king tides

High surges hit unsuspecting villages

Villagers from Laraibina, Madina and Fissoa - along the Boluminsky Highway - said the tides started surging at approximately 2:30am on January 22nd, 2024. 

Commonly known as “king tide”, these unusually high water levels are caused by the orbits and alignment of the Earth, moon and sun, and normally occur once or twice in a year. 

On mainland Kavieng, several homes, food gardens and water sources were destroyed, with debris strewn along the Boluminsky Highway; reminiscent of the 2009 devastation. 

Tides Continue In NIP

Those in the Tigak Islands, just outside of Kavieng reported ankle and shin-deep water flooding their homes and shelters.

The term king tide is commonly used to describe an especially high spring tide that occur a few times every year, when the gravitational pull of the sun and moon upon the earth is strongest.

Joanna Peter, from Leon in Djaul Island said the villages of Leon and Sununa in ward 17, Tikana LLG, the water has reached up to the shins of locals with at least one house destroyed by the rising sea.

Good weather mitigates king tide damage in Kiribati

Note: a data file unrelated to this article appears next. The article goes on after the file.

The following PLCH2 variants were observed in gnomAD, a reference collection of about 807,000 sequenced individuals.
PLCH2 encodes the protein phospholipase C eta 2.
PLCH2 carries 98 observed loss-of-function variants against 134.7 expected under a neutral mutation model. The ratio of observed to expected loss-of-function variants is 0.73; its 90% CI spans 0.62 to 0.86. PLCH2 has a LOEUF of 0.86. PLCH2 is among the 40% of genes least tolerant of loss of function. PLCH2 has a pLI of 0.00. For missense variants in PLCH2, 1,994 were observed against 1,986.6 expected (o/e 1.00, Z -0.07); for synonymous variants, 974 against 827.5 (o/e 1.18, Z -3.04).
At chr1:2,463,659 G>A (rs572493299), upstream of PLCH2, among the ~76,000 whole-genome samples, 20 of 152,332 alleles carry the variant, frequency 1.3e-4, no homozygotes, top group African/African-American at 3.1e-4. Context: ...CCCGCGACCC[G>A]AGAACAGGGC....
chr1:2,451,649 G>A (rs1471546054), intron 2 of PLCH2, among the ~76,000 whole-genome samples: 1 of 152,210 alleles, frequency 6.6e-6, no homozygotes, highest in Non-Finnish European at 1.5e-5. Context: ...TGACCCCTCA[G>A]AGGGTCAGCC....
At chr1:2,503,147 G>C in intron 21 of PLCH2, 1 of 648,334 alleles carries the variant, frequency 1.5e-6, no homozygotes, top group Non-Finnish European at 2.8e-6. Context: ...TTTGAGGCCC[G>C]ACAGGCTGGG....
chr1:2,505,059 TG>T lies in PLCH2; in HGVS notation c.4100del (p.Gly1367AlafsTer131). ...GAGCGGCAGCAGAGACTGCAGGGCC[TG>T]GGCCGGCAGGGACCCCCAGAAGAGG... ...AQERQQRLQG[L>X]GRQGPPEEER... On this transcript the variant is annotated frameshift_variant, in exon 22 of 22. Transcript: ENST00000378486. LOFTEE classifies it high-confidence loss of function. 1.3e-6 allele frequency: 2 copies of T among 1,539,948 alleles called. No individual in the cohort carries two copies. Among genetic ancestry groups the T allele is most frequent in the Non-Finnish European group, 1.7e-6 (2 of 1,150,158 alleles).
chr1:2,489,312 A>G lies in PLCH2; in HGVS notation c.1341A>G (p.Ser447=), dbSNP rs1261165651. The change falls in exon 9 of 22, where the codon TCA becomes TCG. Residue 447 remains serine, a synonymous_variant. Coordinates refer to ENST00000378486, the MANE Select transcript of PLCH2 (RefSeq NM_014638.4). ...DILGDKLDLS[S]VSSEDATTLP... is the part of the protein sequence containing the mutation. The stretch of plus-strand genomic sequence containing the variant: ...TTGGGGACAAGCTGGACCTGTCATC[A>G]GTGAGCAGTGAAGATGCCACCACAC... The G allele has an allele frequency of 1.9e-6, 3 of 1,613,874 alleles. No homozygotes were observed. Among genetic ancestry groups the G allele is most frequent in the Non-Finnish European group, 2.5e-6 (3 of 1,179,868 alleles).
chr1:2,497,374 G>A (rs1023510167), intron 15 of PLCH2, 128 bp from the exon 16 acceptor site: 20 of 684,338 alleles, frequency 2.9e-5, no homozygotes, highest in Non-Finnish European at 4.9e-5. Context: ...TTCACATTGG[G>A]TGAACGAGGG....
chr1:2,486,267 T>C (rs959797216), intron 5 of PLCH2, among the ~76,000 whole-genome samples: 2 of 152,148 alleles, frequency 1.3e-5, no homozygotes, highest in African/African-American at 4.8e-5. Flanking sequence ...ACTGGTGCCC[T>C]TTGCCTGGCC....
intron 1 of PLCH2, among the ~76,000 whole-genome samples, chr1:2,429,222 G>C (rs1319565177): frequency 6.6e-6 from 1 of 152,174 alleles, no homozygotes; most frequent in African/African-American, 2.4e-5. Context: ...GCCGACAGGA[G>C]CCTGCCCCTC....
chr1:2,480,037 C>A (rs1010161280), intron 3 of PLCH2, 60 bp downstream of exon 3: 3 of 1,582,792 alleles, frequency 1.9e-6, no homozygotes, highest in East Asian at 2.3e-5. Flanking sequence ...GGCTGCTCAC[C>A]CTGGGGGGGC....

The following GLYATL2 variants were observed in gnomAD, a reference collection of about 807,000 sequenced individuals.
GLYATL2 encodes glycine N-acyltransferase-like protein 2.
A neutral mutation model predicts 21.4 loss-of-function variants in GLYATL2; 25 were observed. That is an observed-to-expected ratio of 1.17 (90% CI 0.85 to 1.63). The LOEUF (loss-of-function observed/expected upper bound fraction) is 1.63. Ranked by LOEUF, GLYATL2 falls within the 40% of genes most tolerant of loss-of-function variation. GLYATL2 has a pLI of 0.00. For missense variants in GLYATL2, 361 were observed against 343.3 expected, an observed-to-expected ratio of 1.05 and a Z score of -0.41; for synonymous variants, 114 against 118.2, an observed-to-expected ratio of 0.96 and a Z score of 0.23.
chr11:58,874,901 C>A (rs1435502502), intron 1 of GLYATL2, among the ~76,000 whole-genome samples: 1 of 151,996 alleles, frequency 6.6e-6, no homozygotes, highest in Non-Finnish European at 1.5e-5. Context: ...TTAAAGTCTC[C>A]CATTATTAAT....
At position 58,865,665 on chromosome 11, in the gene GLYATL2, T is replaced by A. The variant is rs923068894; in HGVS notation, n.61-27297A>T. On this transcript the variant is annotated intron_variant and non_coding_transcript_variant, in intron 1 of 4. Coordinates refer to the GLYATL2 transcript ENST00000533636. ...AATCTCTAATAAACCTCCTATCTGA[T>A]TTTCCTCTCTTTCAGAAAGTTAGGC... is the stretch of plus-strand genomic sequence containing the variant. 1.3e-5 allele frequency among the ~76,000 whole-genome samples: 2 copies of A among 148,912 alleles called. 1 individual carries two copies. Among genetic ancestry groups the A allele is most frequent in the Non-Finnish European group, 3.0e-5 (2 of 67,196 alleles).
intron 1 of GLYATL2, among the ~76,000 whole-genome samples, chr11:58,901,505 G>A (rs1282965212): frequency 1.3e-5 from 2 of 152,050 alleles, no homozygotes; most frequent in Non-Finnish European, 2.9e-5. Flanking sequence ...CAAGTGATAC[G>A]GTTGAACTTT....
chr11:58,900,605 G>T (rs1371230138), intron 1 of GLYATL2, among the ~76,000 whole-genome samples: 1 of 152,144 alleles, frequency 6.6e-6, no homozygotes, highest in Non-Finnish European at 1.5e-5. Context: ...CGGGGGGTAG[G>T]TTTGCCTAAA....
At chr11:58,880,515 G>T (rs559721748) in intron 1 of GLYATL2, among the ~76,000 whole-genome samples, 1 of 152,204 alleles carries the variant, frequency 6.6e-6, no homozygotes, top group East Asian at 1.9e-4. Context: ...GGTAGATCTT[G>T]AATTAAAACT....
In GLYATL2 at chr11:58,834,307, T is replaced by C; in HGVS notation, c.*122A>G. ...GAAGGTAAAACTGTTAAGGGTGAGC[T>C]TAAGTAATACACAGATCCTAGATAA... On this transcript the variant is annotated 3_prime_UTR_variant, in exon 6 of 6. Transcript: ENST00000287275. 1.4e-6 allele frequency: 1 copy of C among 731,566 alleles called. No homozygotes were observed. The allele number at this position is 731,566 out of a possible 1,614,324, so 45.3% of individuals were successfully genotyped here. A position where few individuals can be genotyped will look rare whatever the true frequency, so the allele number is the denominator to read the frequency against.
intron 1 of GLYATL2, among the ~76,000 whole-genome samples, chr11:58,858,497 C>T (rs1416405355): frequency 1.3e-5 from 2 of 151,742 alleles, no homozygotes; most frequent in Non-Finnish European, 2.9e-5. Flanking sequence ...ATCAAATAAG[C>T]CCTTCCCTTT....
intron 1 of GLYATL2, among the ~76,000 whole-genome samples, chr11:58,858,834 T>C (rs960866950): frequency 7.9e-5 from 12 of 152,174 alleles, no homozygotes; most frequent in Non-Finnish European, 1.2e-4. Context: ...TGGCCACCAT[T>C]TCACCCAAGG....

Kiribati Climate Action Network's Pelenise Alofa said she's thankful there was no wind or storm surge to drive it over seawalls and into properties.

People on Tarawa and other islands have been working all week to build up seawalls in preparation for the inundation, Ms Alofa said.

However, not everyone can afford new cement to protect their properties, she said.

The KiriCAN national co-ordinator said she had been up all night preparing for the tide but will soon go out to check on others around Tarawa.

King tide hits Manus island

Local NGO Marine Environment Awareness and Response Team, headed by former WWF Marine Officer Selarn Kaluwin, confirmed that the tide increased by 0.1 metre compared to past events.

Kaluwin said the tide has gone down however, they are monitoring the situation after sea level reached about 5 to 20 metres onshore.

However, he said the impact didn’t affect gardens and homes however, villagers are on the lookout.

“We are looking at local approaches or knowledge in terms of adaptation measures.